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Gold jewelry is one of the most elegant, classic types of jewelry available. For many people, gold jewelry makes up both their finest pieces that they wear for special occasions as well as the daily jewelry they wear as part of their routine. However, when it comes to selecting gold jewelry there are many important things to keep in mind to ensure that you get the best piece possible. Let’s take a look at a few of the top things to consider. How Pure Do You Want The Gold To Be? Many people may immediately assume that the best way to determine the answer to this question is based on budget alone. After all gold with a higher carat weight, and thus more pure, tends to be more expensive than lower carat weight, lower purity gold. Certainly the budget you are working within is indeed a very important factor. However, the purity of the gold will have an impact on its strength and durability, as well as its suitability for certain types of jewelry. Consider Strength The more pure gold jewelry is, the softer it is. This means that if you are buying the gold for daily wear, or if you have the type of lifestyle that would result in your gold coming into contact with many stressors, then you may be better off choosing a lower carat weight gold, even if you can afford the higher carat weight because the extra strength and hardness added by the alloy metals will make your gold jewelry more durable. Consider Purpose Another important consideration that affects the purity of the gold you choose is the type of jewelry itself. For example if your jewelry will have many gemstones set in it, then again you might be better off with a sturdier weight. On the other hand, if you jewelry will not have gemstones set in it, and might be a type of jewelry that would receive less wear and tear, such as a special occasion piece, then you might want to opt for the fancier, higher purity gold. Do You Want White Gold Or Traditional Yellow? Once again upon first glance it can seem like this will come down to a simple matter of personal preference. That is certainly a major factor, and indeed ultimately your selection does come down to your personal choice. However, there are other aspects to be aware of when choosing between white gold or traditional. Consider Allergies Some people have an allergy to gold, which is actually very often an allergy to nickel. Since nickel is a common alloy metal in white gold, that means that for many people traditional gold will cause less of a problem. Once again the issue of purity also arises. The more pure the gold, the less nickel it might contain, and therefore the less allergic you might be. Consider Style One important factor with how satisfied you are with your gold jewelry is likely to be often you get to wear it and how much you enjoy wearing it when you do. For this reason when choosing between white gold or traditional gold, you may want to consider how it will go with your other jewelry, clothes, and even your hair and skin tone. Other Factors As we briefly mentioned above there are other factors to consider as well such as: Personal Preferences Your Budget The Type of Jewelry You Want Indeed, these three additional factors are in many ways the most fundamental of all. However, chances are they are also the ones that you are already most aware of and have already considered. Keeping these factors and the other considerations listed above firmly in mind when you are shopping for jewelry will greatly help you in the process of selecting the right gold jewelry. Once you’ve made your choice, remember to cherish that new piece of jewelry and enjoy wearing it!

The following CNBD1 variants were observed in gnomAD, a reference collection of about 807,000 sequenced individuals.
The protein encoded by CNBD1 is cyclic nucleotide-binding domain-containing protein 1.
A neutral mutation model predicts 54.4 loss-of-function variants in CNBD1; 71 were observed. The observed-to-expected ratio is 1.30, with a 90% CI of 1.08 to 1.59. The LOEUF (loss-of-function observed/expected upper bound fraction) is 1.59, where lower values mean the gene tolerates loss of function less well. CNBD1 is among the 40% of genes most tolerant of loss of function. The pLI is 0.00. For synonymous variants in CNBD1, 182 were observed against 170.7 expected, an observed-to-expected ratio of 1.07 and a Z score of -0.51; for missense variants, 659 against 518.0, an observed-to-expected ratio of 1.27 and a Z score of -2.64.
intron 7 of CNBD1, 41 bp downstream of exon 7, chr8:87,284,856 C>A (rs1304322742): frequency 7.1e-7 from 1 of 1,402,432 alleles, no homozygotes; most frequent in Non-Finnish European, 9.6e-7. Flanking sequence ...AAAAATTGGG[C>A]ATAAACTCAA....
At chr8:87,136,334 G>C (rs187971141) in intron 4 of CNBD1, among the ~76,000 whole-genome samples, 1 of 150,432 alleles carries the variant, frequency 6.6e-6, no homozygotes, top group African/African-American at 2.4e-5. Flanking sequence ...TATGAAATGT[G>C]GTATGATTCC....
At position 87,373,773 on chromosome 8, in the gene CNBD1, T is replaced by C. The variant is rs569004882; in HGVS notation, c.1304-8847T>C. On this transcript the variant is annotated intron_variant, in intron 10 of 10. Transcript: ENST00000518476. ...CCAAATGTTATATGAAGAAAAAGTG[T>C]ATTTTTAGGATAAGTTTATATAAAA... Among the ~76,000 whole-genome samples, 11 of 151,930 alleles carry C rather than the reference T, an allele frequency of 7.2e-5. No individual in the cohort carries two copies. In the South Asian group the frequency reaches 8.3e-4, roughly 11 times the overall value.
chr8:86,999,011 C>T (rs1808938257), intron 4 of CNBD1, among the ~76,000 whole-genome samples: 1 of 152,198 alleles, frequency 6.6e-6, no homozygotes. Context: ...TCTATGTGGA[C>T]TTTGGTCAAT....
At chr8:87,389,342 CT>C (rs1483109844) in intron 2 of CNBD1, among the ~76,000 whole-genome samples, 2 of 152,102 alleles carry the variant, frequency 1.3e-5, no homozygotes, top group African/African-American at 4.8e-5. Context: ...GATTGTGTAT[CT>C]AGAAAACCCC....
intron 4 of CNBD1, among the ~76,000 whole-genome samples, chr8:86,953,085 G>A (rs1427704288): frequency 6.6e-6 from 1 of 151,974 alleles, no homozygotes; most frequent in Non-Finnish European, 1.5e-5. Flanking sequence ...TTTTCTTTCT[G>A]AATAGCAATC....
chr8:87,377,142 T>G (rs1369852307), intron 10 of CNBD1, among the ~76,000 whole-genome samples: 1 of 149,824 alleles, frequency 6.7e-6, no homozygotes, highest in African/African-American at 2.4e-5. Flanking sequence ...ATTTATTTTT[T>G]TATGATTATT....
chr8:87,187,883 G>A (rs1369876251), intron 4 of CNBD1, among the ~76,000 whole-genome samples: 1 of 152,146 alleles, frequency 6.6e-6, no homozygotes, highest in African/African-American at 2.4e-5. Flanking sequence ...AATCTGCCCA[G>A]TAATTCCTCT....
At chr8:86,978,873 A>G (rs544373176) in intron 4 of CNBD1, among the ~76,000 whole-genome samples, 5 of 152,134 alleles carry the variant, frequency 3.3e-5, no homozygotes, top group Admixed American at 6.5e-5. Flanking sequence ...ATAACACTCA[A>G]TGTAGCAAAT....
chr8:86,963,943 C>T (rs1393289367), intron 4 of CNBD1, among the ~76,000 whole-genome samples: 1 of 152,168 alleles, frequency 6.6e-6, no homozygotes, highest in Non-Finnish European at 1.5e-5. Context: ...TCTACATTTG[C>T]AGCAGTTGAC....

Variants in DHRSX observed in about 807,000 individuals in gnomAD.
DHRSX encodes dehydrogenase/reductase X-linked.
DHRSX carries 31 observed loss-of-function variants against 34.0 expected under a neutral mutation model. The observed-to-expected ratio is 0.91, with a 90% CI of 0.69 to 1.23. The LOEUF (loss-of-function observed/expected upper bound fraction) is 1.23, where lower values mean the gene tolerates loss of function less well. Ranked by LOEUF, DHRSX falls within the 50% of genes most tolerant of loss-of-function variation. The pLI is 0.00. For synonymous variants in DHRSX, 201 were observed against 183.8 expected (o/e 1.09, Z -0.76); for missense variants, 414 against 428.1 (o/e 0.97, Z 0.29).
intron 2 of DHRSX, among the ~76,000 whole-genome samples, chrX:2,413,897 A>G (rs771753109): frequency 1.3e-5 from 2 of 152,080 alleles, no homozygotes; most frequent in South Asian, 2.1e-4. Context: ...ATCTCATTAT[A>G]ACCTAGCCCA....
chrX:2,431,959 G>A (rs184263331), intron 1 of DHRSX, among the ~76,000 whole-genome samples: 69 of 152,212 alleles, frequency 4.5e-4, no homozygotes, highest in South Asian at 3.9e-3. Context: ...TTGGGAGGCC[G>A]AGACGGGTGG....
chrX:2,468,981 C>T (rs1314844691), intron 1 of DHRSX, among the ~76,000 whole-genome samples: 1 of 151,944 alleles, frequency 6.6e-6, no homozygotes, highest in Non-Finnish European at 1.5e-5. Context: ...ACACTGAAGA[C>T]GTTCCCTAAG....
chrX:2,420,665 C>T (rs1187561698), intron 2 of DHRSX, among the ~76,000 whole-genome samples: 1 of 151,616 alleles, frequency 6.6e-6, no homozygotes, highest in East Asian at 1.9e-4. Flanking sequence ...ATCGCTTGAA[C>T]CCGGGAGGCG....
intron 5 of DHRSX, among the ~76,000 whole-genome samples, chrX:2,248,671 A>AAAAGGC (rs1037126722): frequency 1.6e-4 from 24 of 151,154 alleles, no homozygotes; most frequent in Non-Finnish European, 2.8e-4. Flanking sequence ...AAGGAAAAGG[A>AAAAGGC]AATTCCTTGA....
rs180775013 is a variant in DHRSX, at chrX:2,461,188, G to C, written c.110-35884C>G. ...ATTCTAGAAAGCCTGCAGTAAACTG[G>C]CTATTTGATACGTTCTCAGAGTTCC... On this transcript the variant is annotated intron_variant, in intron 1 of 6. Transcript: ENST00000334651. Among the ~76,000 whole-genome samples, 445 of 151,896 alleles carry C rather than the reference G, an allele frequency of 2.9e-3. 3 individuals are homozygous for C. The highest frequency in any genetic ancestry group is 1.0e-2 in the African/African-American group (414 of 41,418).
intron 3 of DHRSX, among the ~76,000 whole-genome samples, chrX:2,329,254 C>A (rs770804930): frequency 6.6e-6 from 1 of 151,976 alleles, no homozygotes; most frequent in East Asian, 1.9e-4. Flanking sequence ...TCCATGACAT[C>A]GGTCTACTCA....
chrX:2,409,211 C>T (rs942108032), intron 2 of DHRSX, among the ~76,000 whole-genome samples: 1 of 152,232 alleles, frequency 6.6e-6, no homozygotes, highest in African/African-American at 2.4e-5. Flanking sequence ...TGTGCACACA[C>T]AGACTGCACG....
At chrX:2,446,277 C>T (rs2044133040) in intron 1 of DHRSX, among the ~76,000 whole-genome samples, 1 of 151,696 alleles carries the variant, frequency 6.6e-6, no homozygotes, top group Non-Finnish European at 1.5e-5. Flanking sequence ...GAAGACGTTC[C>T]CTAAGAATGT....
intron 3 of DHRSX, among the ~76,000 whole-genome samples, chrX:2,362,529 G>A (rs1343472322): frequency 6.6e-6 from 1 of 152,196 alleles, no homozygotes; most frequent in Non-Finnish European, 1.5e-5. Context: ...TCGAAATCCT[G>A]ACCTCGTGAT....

One of the most well known and frequently used criteria with which to evaluate and discuss diamonds is the method of using the ‘4 C’s.’ This stands for Color, Cut, Clarity, and Carat Weight. However, even though they are so widely known, many people are unsure of exactly what they mean and how they affect a diamond’s value and appearance. Here at Mathews Jewelers we want to inform our customers, readers, and site visitors so that they can make educated decisions about their diamond jewelry. For that reason, this article will provide a brief guide to understanding the 4 C’s of diamond quality. Color First let’s take a look at Color. As the name logically implies, this simply refers to the color of the diamond. However, what often surprises many uninformed diamond shoppers is that diamonds naturally occur in a full range of colors. Frequently when someone visualizes a diamond they may imagine a colorless stone, however, truly colorless diamonds are quite rare, and also very valuable. Instead the diamond will often have a slight brown or yellow hue to it. This common coloring is due to trace amounts of nitrogen present within the stone which contaminate its color and purity. Very often, however, a diamond’s color may be used as part of the overall jewelry design and could even be a desirable aspect of it. For instance black diamonds, pink diamonds, canary yellow diamonds, and many more are often prized because of their unusual color. Nevertheless, truly colorless diamonds remain the standard by which a diamond’s color is evaluated and a colorless diamond will usually be the most expensive and valuable. What Affects A Diamond’s Color? A diamond’s color can be affected by a range of other factors, some of them naturally occurring and others influenced by man. Some of these factors include: Carat Weight Cut Setting and Other Jewelry Fluorescence Let’s briefly take a look at each of these factors and how and why it affects a diamond’s color. Carat Weight Carat weight is actually another one of the 4 C’s; however, it affects the appearance of a diamond’s color as well. In simple terms, the bigger a diamond, the more its color is apparent. Cut Cut is another of the 4 C’s and like carat weight it also influences the appearance of a diamond’s color. Because of the way light moves through the diamonds and the way this is perceived, some cuts accentuate and emphasize colors more than others. Setting and Other Jewelry The setting that the diamond is in will also have a big impact on its apparent color. It is common practice to use a setting that minimizes the appearance of color and which adds to the perception that the diamond is colorless. Other surrounding jewelry and gemstones can also minimize or accentuate the appearance of the diamond’s color. Again this is simply due to the eye’s perception of the color in relation to its surroundings. For diamonds that are being marketed and sold due to a bright or unusual color, using surrounding gemstones to emphasize that color is very common. Fluorescence Fluorescence is a natural characteristic of diamonds which influences the way their color is seen. Fluorescence refers to UV rays exciting electrons within the diamond. When this occurs, depending on the natural color of the diamond, fluorescence may make a diamond’s color more or less noticeable. High Temperature and Pressure High temperature and pressure is a type of human intervention on a diamond in an effort to alter it color. When a diamond is exposed to very high temperatures and pressure, its color can be reduced or altered, possibly making it more desirable. There was much concern that such altered diamonds would be indistinguishable from natural, unaltered diamonds, but sophisticated equipment make it possible to detect when diamonds have undergone this process. Cut The next one of the 4 C’s that we’ll look at is cut. In simplest terms the cut of the diamond refers to shape and facets the diamond receives. There are many different cuts that are used on diamonds. Perhaps the most classic cut is the “Round Brilliant” cut in which the diamond is rounded on top and pointed at the bottom, with many different facets or sides. If another type of cut is used it is referred to as a “Fancy Cut” and will give the diamond a different shape. Some common fancy cuts include: Princess Cushion Heart Pear Marquise Radiant Asscher Emerald Oval The popularity of diamond cuts vary from the different types of diamond jewelry. The popularity of a cut is also likely to vary based on styles and trends. However, certain types of cuts are also more suitable for certain types of diamonds because they might positively alter or emphasize the perception of the diamond’s size, or other C’s such as color or clarity. Diamond Attributes Accentuated By Cut Understandably a diamond’s cut will be done in such a way as to accentuate the positive attributes of the diamond. Some of the most common attributes that the cut seeks to emphasize include the following: Brilliance Dispersion Scintillation Brilliance Brilliance refers to the amount of light the diamond reflects to the eye. This is determined both by how the light is reflected on the diamond’s surface, as well as its internal reflections. Shapes like the “Round Brilliant” are so popular and enduring because they are a great way to maximize the brilliance of a diamond in terms of how it reflects light. Dispersion The separation of white light into spectral colors is known as dispersion. Dispersion is a specific form of This is a form of refraction in which the wavelength of light is bent in different ways, thus reflecting various colors. Scintillation In basic terms scintillation refers to the sparkling effect of the diamond. Scintillation is the term used to describe the flashing of light that appears when a diamond, or a light source, is moved. Scintillation can be maximized the number and quality of facets present on the diamond as well as the polish of the diamond. How Is A Good Cut Determined? In addition to maximizing the above positive qualities that we discussed, the cut itself can also be evaluated based on a few factors. These factors will also affect the appearance of the diamond. Some common factors used to evaluate a cut are: Polish Symmetry Proportion Polish Polish refers to a diamond in the same way that it refers to the surface of other things. Basically the diamond’s polish describes how smooth facets and junctions are. Diamonds with a good polish reflect light better and appear more pleasing to the eye. Symmetry The symmetry of a diamond refers to the alignment of the various elements in the diamond’s cut. For a diamond to be considered symmetrical it’s table, girdle, crown, and pavilion should be aligned properly. Obviously the symmetry is heavily influenced by the quality of workmanship. Proportion In order for a diamond to be well-proportioned it should fully realize its potential in terms of its brilliance, dispersion, and scintillation as described above. A well-proportioned diamonds should also balance these elements properly. In order for this to be accomplished the diamond’s table size, crown height and angle, pavilion depth and angle, girdle thickness, and culet size must all be in the correct proportion. Clarity The third C that we’ll look at is clarity. Clarity is determined based on the presence of imperfections, either within the diamond, called “inclusions” or on the surface of the diamond, called “blemishes.” The fewer imperfections the diamond has, the better its clarity. Types Of Blemishes A blemish, which is an imperfection present on the diamond’s surface, will generally be classified as one of the: Polish Lines Grain Boundaries Naturals Scratches Nicks Chips Pits Breaks Types Of Inclusions An inclusion, which is an imperfection present within the diamond will generally include the following: Feathers Bearding Included Crystals Clouds Twinning Wisps Internal Graining Cavities Indented Naturals Laser Drill Holes Needles Pinpoints How Are Blemishes and Inclusions Measured to Determine Clarity? Blemishes and inclusions are measured along five points to determine how the imperfection impacts the diamond’s clarity rating. The blemishes and inclusions themselves are typically viewed with a microscope at 10X magnification to make them easier to see. The five points used to measure the imperfections are: size, number, position, nature, and color or relief. Size Naturally the size of the blemish or inclusion will play a large role in determining its overall effect on the diamond’s clarity rating since bigger imperfections are easier to see and more visible than smaller ones. Number It also stands to reason of course that the more imperfections there are the lower the diamond’s clarity rating. Position The position of a blemish or inclusion plays a large role in the diamond’s clarity rating because some positions are much more noticeable than others. For instance imperfections which occur along the girdle of the stone aren’t typically as noticeable as ones that occur directly under the table of the diamond. If an imperfection occurs under the table then very often the pavilion facet will reflect the imperfection in multiple places throughout the stone. If this happens it is termed a ‘reflector’ and it may seriously lower the diamond’s clarity rating. Nature The nature of the imperfection is also important since it will help determine whether or not the diamond is in danger of breaking or becoming further damaged. By the same token one clarity rating is dubbed “Internally Flawless” and of course is the diamond has an internal flaw, then that would preclude it from receiving this rating. Color or Relief The color or relief will determine how visible the imperfection is. If the imperfection has contrast with the diamond than it is said to be in ‘relief’ with the diamond. Whereas the ‘color’ merely refers to whether or not the imperfection has a color. Typically colored imperfections will be more visible, and therefore more detrimental, than colorless ones. Carat The final C that we will look at is carat or carat weight as it is often known. This is actually perhaps the easiest one of all to understand. It is also typically the most salient characteristic of the diamond and the one which even inexperienced diamond shoppers would probably naturally consider. The carat weight of a diamond refers to the diamond’s weight or mass. While this is not exactly interchangeable with size since the diamond could be cut more or less shallowly to influence its surface size, the carat weight is still more or less in correlation with the size of the diamond since bigger diamonds weight more. Attempts make a diamond looking bigger than its carat weight would imply usually fail, because if the diamond is not well cut it will very negatively impact the diamond’s appearance. For instance if the diamond is cut too shallowly it may appear glassy. A diamond that is cut too deeply may appear dull. Carats are further subdivided into points to make them easier to discuss and describe. 1 carat is equal to 100 points. Thus if a diamond is described as a 50 point stone, that means that it is a half carat. The term ‘carat’ is also applied to measure the mass of other jewelry and gemstones. It is intuitive of course that a diamond with a larger carat weight will be bigger and thus also more valuable. For this reason many people place an extra emphasis on the carat weight and seek to maximize the carat weight that they can get for their money. However, in order to get a truly attractive, quality diamond, it is very important to consider the other three C’s as well. This concludes our article on understanding the 4 C’s of diamond quality. If you have any doubt or confusion about a diamond that you are considering buying, make sure to consult your jeweler. Remember that for this reason it is important to shop at a reputable jewelry shop where you know that you will receive honest, accurate information. Understand the 4 C’s and use them to purchase a beautiful, high quality diamond!